Cleveland, the capital of the rust belt. It is the essence of a blue collar, hard working city, where in the words of LeBron James, “nothing is given, everything is earned.”

Cleveland also over the years has been called literally every word and phrase imaginable. From the, “Mistake on the Lake”, to a place so bad to live that the river caught on fire.

But over the past ten years, the downtown and surrounding area of the city has been completely redone. Forbes Magazine even went as far to say that in 2016 Cleveland was, “America’s Hottest City Right Now.” Not only has the architecture in the landscape changed, but the sports teams have played a huge part in Cleveland’s recovery.

I have lived in Cleveland almost by entire life, and I had to wait 19 years to see a Cleveland sports team that was capable of winning a professional sports title (I am excluding the 1990s Indians as I was three years old when they blew the title in the bottom of the ninth in Game 7 of the World Series against the Marlins.)

When LeBron James came back home, the rush of excitement that flowed through me in that moment to this day is still indescribable. The man who is the epitome of what Cleveland is, and will always be, came home to us and promised to bring us a title, something my Father who at the time was fifty one years old, had never seen.

Two years later, on June 19, 2016, LeBron came up with maybe the single greatest defensive play in Game 7 of the NBA finals, and maybe in sports history to save the title from going to Golden State, and Kyrie killed off the 73-9 Warriors and capped off the greatest comeback in NBA Finals history. The craziest celebration I have ever seen in my life ensued, with quite a few tears (and one “borrowed” bottle of Jack Daniel’s, from my cousin’s bar, albeit.)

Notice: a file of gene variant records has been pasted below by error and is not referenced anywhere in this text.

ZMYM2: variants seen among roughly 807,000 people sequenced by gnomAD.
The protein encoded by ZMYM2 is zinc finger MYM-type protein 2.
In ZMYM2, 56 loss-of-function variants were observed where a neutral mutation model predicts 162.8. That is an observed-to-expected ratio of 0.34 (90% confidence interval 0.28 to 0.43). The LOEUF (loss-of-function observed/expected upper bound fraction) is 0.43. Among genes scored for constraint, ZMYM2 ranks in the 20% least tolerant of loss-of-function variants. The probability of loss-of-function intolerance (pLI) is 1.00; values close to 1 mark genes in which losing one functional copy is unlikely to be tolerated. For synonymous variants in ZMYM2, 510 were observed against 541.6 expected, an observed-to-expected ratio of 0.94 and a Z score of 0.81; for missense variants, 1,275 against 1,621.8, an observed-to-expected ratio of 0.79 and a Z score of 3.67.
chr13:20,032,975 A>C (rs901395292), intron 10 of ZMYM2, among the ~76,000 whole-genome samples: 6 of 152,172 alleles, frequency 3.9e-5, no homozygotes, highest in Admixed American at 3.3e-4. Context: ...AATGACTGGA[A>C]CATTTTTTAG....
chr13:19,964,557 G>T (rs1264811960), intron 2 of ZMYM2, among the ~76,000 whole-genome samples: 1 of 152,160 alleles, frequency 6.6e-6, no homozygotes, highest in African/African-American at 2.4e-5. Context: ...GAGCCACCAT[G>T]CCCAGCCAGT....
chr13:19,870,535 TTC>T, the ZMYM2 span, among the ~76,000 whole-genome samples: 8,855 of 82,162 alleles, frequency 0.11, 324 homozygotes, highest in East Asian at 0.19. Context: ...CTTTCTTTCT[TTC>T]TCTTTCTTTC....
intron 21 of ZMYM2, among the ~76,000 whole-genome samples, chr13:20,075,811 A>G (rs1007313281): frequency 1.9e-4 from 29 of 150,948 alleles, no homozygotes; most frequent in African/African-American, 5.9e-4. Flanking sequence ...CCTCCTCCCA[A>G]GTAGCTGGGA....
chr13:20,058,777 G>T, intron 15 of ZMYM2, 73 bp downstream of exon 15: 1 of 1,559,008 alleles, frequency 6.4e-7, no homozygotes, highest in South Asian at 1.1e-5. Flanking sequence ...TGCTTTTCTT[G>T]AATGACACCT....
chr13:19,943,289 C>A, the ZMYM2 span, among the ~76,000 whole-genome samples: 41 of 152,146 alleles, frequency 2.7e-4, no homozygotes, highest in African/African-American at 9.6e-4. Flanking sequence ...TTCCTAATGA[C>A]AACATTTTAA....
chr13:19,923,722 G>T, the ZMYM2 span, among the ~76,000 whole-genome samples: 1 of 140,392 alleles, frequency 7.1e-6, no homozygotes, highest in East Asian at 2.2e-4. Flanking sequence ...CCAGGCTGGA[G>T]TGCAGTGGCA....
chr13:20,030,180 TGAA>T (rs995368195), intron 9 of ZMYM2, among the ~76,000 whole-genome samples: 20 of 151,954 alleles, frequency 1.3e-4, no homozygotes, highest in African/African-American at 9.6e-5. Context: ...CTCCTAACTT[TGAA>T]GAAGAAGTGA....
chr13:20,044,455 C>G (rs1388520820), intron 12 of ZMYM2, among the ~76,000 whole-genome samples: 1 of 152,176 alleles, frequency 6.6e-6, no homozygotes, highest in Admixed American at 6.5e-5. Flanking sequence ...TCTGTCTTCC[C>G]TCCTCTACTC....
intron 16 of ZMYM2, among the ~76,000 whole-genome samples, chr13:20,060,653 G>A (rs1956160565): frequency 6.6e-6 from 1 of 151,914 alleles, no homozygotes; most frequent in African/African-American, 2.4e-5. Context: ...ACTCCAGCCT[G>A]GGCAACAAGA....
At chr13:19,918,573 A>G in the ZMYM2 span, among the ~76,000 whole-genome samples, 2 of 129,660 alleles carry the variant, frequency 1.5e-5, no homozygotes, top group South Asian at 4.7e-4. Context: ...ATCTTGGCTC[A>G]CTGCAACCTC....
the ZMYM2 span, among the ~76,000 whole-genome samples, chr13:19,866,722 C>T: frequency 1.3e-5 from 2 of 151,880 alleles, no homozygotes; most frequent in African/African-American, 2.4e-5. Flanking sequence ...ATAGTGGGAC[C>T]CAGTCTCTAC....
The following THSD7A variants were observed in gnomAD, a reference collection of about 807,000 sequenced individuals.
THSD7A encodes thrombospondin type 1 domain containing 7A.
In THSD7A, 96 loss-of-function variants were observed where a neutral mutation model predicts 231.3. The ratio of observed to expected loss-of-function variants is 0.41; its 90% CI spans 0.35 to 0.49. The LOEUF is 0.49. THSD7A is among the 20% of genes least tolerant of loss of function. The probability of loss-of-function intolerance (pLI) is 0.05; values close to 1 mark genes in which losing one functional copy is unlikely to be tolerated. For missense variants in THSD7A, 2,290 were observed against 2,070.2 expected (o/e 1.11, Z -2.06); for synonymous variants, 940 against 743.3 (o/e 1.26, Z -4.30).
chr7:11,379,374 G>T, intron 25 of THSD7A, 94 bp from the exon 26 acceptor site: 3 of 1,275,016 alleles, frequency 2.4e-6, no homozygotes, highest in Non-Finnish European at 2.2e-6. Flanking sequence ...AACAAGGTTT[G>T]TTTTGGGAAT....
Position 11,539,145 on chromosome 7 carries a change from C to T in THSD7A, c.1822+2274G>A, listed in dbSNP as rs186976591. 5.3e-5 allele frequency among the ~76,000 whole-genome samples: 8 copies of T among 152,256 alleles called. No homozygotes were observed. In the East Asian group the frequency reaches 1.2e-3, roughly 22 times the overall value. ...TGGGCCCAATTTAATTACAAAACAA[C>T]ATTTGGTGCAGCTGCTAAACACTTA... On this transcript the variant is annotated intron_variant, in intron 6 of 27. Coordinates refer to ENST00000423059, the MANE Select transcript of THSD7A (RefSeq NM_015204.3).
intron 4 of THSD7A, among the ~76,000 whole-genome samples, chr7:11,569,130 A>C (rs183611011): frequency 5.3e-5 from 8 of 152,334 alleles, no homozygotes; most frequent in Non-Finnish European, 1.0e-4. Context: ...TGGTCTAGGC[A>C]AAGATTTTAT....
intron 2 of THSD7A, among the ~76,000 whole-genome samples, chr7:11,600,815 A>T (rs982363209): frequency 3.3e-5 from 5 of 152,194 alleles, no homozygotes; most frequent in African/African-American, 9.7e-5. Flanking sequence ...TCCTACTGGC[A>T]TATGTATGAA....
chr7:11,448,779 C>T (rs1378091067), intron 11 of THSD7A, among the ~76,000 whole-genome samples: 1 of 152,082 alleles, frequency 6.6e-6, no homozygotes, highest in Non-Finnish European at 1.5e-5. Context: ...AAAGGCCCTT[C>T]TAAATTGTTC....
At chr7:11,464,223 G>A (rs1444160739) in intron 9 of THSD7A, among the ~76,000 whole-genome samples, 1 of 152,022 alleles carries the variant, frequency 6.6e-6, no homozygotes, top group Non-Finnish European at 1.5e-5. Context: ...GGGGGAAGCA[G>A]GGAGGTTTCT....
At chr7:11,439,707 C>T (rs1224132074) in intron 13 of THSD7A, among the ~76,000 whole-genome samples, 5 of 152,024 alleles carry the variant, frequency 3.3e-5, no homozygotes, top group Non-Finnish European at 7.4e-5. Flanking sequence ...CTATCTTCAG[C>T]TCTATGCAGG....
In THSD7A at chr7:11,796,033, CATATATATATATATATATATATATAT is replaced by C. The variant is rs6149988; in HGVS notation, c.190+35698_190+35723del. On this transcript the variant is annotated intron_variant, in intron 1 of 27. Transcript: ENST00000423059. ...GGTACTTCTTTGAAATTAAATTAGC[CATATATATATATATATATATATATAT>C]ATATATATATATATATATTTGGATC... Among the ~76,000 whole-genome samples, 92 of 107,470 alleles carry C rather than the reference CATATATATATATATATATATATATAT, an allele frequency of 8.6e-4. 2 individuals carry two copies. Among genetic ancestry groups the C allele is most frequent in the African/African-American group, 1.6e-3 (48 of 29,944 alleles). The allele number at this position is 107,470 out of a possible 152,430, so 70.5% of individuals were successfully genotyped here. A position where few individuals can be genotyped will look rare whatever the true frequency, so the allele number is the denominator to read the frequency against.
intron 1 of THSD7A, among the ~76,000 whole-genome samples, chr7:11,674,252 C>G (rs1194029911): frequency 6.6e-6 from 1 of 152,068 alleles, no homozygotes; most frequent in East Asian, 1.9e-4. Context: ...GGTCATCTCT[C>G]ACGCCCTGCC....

Four months later, we were down 6-4 in the bottom of the eighth inning of Game 7 of the World Series right here in Cleveland. Everyone thought it was over when Rajai Davis stepped up. Rajai Davis, 1 hit in the playoffs up until that at bat Rajai Davis, Rajai fucking Davis.

Against Aroldis Chapman, a nearly unhittable pitcher, Rajai produced one of the great sporting moments of this millenium against all the odds, hitting a changeup out of the park for a two run homer to tie the game up at 6 heading into the top of the ninth.

Fast forward two more years, and you arrive at the Cleveland Browns. The Cleveland Browns, who’s record the previous two seasons had a 1-31 record, drafted a 6 foot tall quarterback by the name of Baker Mayfield. The immediate reaction was, “he is going to be Manziel 2.0” and, “he isn’t tall enough to play up North.”

But today, those Browns are 5-7-1, having fired Hue Jackson middle of the season, and with three games to go in the season, they are still genuine playoff contenders. Something I know firsthand, I have never been able to say in my entire life.

Baker, Rajai, and LeBron all have one thing in common with each other: they were all underdogs in different situations. LeBron had a terrible living situation growing up in Akron, everybody constantly made fun of Rajai’s hitting “ability”, and Baker was declared to be a bust before he had even taken a snap in Cleveland. They are the underdogs, in a city of underdogs. It is what Cleveland was built upon, the “never say die” attitude in the face of adversity.

So with three games to go in the NFL season, why not root for the Browns? It would be another great underdog story, in a city riddled with underdogs and their stories. From 0-16, to 8-7-1 and a playoff berth for the first time since 2002, it would be unequivocally one of the greatest underdog stories the NFL has seen in some time.

And just like the Indians and Cavs before them, when you are put in a position where an underdog needs to step up, you never know what may happen.

 

-PMKRAFCIK

Advertisements

Leave a Reply

Fill in your details below or click an icon to log in:

WordPress.com Logo

You are commenting using your WordPress.com account. Log Out /  Change )

Google photo

You are commenting using your Google account. Log Out /  Change )

Twitter picture

You are commenting using your Twitter account. Log Out /  Change )

Facebook photo

You are commenting using your Facebook account. Log Out /  Change )

Connecting to %s